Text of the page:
The PULSE Program for Service Learning has changed a lot since the program was first introduced, but never quite so drastically as it has this year. PULSE, a 12-credit, two-semester volunteering service course that fulfills the University’s philosophy and theology core requirements, is serving the greater Boston area virtually this year for the first time in its 50-year history.
PULSE’s in-classroom format remains the same as in recent years, with students attending three 50-minute in-person classes each week with one 50-minute in-person discussion section.
The curriculum, however, has been modified slightly due to COVID-19. The program now requires students to complete four hours of service and four supplemental service modules per week, a reduction from the standard eight hours of service per week with four hours allotted for travel. The service supplement modules—which are new this year—incorporate different social justice themes into weekly PULSE lessons.
“What’s really cool about this is because each faculty member curated their module, students are going to be learning from almost all the PULSE professors, not just their own,” said Meghan Sweeney, director of PULSE. “The neat thing about this for PULSE professors is that we will be doing the material with our students so we will get to learn from our colleagues as well.”
While the advent of the COVID-19 pandemic necessitated adjustment of the PULSE program, Sweeney said the continuation of the program during the 2020-21 academic year was never in doubt.
“The faculty was committed to the idea of still offering PULSE, as was the University, so that was never really a concern or a real question for us.” Sweeney said. “The question was how are we going to have PULSE meet the situation that is happening at the moment in a way that will still incorporate service but that is responsive to the needs of our community partners.”
The curriculum is not the only change to PULSE this year, as the program has added 26 new community partners, doubling the original 26 partnerships. The addition, Sweeney said, is due to the fact that many organizations PULSE partnered with in the past do not offer virtual service opportunities.
“Half of our [community] partners from last year were able to return to offer remote service for students,” Sweeney said. “We did develop 26 new partnerships and that is a large number of new partnerships for us.”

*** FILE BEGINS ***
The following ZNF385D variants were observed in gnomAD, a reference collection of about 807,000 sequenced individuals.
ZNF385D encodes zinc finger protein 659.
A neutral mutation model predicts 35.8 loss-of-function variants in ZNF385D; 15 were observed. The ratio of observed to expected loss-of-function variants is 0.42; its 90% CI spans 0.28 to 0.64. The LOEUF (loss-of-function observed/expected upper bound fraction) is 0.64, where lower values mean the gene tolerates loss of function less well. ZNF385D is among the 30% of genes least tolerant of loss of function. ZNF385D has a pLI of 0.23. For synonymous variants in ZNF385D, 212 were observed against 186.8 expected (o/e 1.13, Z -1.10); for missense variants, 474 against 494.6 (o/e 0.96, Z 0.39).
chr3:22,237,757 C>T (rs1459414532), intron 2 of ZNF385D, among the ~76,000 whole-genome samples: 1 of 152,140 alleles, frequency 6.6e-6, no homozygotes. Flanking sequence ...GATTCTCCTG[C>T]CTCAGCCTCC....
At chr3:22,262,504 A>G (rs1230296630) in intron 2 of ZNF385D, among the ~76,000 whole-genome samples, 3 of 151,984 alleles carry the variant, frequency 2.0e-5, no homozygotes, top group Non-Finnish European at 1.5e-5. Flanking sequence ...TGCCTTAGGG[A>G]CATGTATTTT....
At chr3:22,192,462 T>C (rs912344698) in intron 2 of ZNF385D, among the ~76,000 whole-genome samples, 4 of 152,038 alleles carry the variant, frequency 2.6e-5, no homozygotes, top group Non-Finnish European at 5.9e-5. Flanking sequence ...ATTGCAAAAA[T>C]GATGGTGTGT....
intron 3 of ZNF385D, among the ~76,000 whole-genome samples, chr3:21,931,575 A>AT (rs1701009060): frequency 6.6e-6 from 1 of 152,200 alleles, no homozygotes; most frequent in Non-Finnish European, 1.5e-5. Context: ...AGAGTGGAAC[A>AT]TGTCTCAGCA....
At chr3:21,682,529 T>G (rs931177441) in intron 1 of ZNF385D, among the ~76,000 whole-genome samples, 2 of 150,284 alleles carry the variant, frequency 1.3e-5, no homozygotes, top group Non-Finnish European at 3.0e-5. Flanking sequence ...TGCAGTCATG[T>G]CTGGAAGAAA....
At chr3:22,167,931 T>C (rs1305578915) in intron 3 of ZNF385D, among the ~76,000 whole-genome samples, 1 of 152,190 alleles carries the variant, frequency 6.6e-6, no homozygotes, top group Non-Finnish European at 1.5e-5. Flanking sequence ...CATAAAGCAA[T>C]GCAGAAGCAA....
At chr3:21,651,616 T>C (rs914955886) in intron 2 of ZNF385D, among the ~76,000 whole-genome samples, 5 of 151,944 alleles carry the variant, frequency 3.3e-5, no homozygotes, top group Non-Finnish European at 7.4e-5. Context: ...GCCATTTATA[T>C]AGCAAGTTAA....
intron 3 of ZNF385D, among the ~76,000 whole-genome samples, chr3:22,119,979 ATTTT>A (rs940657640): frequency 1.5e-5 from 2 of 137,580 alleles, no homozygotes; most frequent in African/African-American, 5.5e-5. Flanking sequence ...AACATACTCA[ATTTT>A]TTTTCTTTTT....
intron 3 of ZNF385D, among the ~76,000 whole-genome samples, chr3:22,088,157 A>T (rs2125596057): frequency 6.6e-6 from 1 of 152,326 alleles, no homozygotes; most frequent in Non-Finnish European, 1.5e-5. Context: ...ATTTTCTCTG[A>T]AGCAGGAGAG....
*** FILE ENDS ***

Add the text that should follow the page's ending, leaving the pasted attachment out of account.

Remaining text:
While the physical time spent volunteering and the community partners may differ this year in comparison to years past, the program still offers students opportunities for direct service.
“Many of the partnerships we have developed this year are direct service but not in person,” Sweeney said. “The service might be working with someone who is an English language learner, maybe a refugee or immigrant. It might be tutoring a student in an after school program.”
PULSE Council member Olivia Bird, MCAS ’22, said that a positive component of the virtual twist on the PULSE curriculum is that the program can now offer service opportunities in different geographic parts of the country.
“It’s opened the door to many other community partners that I really don’t think we would have discovered,” Bird said. “One of our community partners is based in New York City, and the mission of this partner is to essentially create eulogies for individuals who have passed away from COVID.”
While students will be experiencing a unique iteration of the PULSE program, Bird said, this year’s PULSE students have been very receptive to the program changes and still possess an eagerness to serve similar to years past.
“It was very evident that the excitement, the nerves, the anticipation for service were still there very much like it has been in years past,” said Bird. “The students are still understanding that relational aspect that’s at the heart of pulse.”
Featured Image by Jess Rivilis / Heights Editor